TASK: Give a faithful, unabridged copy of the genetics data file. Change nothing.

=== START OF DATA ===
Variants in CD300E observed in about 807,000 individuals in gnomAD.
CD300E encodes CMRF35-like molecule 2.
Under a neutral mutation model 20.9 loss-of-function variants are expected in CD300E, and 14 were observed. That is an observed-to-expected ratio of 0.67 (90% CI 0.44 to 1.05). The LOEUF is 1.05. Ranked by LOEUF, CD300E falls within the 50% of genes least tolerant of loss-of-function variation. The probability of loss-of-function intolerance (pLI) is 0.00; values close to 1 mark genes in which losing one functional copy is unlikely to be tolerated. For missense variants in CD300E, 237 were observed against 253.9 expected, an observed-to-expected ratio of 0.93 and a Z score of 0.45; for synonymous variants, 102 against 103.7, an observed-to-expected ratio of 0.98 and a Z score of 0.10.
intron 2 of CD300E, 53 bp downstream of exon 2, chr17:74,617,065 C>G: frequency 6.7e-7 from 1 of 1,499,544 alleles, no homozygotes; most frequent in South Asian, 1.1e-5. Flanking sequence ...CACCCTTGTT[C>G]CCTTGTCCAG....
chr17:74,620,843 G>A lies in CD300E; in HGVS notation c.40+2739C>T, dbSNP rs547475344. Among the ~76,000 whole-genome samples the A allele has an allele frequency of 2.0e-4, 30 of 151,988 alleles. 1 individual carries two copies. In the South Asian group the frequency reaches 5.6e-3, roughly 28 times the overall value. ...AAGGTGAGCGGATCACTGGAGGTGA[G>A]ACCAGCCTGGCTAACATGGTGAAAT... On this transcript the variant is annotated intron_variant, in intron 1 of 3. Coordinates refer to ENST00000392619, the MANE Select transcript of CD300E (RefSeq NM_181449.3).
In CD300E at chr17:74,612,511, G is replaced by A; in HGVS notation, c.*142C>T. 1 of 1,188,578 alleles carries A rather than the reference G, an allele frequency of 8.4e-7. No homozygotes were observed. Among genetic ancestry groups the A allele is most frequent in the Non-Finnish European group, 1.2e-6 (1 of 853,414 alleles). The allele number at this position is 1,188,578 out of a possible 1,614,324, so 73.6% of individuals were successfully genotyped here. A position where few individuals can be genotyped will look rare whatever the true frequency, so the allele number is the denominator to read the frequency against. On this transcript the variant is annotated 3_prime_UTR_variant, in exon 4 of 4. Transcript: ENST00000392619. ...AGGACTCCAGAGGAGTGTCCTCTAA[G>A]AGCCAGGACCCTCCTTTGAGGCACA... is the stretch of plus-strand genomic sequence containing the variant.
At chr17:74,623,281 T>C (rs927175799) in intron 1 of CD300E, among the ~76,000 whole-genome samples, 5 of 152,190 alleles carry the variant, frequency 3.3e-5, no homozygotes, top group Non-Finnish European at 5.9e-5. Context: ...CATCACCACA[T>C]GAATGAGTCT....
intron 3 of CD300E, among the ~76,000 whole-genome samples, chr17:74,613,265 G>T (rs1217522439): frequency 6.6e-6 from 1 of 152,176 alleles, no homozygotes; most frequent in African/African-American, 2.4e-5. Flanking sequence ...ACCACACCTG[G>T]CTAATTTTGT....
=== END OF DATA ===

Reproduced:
Variants in CD300E observed in about 807,000 individuals in gnomAD.
CD300E encodes CMRF35-like molecule 2.
Under a neutral mutation model 20.9 loss-of-function variants are expected in CD300E, and 14 were observed. That is an observed-to-expected ratio of 0.67 (90% CI 0.44 to 1.05). The LOEUF is 1.05. Ranked by LOEUF, CD300E falls within the 50% of genes least tolerant of loss-of-function variation. The probability of loss-of-function intolerance (pLI) is 0.00; values close to 1 mark genes in which losing one functional copy is unlikely to be tolerated. For missense variants in CD300E, 237 were observed against 253.9 expected, an observed-to-expected ratio of 0.93 and a Z score of 0.45; for synonymous variants, 102 against 103.7, an observed-to-expected ratio of 0.98 and a Z score of 0.10.
intron 2 of CD300E, 53 bp downstream of exon 2, chr17:74,617,065 C>G: frequency 6.7e-7 from 1 of 1,499,544 alleles, no homozygotes; most frequent in South Asian, 1.1e-5. Flanking sequence ...CACCCTTGTT[C>G]CCTTGTCCAG....
chr17:74,620,843 G>A lies in CD300E; in HGVS notation c.40+2739C>T, dbSNP rs547475344. Among the ~76,000 whole-genome samples the A allele has an allele frequency of 2.0e-4, 30 of 151,988 alleles. 1 individual carries two copies. In the South Asian group the frequency reaches 5.6e-3, roughly 28 times the overall value. ...AAGGTGAGCGGATCACTGGAGGTGA[G>A]ACCAGCCTGGCTAACATGGTGAAAT... On this transcript the variant is annotated intron_variant, in intron 1 of 3. Coordinates refer to ENST00000392619, the MANE Select transcript of CD300E (RefSeq NM_181449.3).
In CD300E at chr17:74,612,511, G is replaced by A; in HGVS notation, c.*142C>T. 1 of 1,188,578 alleles carries A rather than the reference G, an allele frequency of 8.4e-7. No homozygotes were observed. Among genetic ancestry groups the A allele is most frequent in the Non-Finnish European group, 1.2e-6 (1 of 853,414 alleles). The allele number at this position is 1,188,578 out of a possible 1,614,324, so 73.6% of individuals were successfully genotyped here. A position where few individuals can be genotyped will look rare whatever the true frequency, so the allele number is the denominator to read the frequency against. On this transcript the variant is annotated 3_prime_UTR_variant, in exon 4 of 4. Transcript: ENST00000392619. ...AGGACTCCAGAGGAGTGTCCTCTAA[G>A]AGCCAGGACCCTCCTTTGAGGCACA... is the stretch of plus-strand genomic sequence containing the variant.
At chr17:74,623,281 T>C (rs927175799) in intron 1 of CD300E, among the ~76,000 whole-genome samples, 5 of 152,190 alleles carry the variant, frequency 3.3e-5, no homozygotes, top group Non-Finnish European at 5.9e-5. Context: ...CATCACCACA[T>C]GAATGAGTCT....
intron 3 of CD300E, among the ~76,000 whole-genome samples, chr17:74,613,265 G>T (rs1217522439): frequency 6.6e-6 from 1 of 152,176 alleles, no homozygotes; most frequent in African/African-American, 2.4e-5. Flanking sequence ...ACCACACCTG[G>T]CTAATTTTGT....